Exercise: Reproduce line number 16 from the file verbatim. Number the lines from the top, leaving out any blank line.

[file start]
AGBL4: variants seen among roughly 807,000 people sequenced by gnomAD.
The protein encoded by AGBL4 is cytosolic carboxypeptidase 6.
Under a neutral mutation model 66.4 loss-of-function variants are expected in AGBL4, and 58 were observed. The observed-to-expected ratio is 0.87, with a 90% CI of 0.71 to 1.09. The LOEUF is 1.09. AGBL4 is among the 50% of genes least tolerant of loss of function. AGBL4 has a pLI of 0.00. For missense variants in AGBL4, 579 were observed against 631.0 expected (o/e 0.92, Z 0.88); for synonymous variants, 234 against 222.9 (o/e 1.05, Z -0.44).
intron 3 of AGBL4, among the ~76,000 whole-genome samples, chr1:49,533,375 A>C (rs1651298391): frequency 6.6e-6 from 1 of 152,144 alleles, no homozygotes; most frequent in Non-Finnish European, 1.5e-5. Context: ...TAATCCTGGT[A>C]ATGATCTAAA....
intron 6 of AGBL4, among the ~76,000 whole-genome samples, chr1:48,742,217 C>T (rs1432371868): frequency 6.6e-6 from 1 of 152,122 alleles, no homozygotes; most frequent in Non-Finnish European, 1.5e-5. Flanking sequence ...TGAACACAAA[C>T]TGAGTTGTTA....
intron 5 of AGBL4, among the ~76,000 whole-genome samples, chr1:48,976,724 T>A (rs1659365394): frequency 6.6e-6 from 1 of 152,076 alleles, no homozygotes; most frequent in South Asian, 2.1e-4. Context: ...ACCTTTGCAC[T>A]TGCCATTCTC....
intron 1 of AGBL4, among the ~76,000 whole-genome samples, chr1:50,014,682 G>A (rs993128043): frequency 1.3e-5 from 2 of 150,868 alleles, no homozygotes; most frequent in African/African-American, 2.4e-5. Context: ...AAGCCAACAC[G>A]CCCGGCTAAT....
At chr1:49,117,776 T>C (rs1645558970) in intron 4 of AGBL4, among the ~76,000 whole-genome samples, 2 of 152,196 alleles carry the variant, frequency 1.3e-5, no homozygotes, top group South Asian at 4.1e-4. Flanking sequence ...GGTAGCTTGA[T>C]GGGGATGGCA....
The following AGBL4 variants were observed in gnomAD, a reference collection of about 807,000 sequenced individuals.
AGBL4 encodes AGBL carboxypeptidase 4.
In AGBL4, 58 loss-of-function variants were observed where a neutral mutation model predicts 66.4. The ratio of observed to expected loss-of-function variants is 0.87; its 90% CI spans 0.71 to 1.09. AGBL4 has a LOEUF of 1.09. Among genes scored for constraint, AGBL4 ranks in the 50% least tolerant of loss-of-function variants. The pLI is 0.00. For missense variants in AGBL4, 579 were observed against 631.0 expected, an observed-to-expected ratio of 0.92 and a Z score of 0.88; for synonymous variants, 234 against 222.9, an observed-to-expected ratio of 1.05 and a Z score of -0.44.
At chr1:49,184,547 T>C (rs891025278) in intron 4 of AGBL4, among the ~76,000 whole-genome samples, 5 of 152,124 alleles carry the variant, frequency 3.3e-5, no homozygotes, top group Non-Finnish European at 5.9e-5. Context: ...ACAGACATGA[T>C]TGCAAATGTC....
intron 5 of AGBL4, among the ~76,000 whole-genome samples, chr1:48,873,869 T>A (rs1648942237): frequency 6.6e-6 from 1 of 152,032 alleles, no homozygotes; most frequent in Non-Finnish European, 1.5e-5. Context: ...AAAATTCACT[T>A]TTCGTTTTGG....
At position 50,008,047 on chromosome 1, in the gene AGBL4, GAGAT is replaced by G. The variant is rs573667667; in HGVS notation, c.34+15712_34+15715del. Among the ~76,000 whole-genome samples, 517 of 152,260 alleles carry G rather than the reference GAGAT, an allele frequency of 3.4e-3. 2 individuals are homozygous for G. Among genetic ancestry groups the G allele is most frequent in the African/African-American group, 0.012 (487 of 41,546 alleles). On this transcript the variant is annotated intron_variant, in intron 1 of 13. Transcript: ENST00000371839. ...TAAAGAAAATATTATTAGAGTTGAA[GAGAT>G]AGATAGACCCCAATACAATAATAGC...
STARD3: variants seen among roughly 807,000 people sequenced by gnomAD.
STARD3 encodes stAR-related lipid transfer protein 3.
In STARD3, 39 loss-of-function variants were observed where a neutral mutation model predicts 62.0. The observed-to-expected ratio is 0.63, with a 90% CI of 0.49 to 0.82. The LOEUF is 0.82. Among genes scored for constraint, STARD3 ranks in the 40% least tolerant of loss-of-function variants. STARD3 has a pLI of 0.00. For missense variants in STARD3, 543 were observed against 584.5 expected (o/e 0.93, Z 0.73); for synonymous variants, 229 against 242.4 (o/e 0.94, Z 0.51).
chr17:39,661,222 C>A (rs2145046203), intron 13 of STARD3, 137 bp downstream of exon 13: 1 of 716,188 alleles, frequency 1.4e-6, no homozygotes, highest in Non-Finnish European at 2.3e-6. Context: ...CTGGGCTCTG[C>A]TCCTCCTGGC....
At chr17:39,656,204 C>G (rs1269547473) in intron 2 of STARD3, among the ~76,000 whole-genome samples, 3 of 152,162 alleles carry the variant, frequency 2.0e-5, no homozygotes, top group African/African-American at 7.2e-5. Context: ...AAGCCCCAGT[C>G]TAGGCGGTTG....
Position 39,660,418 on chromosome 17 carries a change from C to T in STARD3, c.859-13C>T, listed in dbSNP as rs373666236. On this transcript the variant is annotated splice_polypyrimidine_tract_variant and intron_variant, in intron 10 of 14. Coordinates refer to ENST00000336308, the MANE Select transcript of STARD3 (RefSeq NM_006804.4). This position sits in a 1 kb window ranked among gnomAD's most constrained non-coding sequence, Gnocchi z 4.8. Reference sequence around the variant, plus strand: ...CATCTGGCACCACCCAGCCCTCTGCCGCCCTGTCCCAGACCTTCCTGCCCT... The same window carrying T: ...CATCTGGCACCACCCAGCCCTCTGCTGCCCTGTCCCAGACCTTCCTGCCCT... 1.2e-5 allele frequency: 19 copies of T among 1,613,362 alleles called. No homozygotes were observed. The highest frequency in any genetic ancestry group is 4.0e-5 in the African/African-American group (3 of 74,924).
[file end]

STARD3 encodes stAR-related lipid transfer protein 3.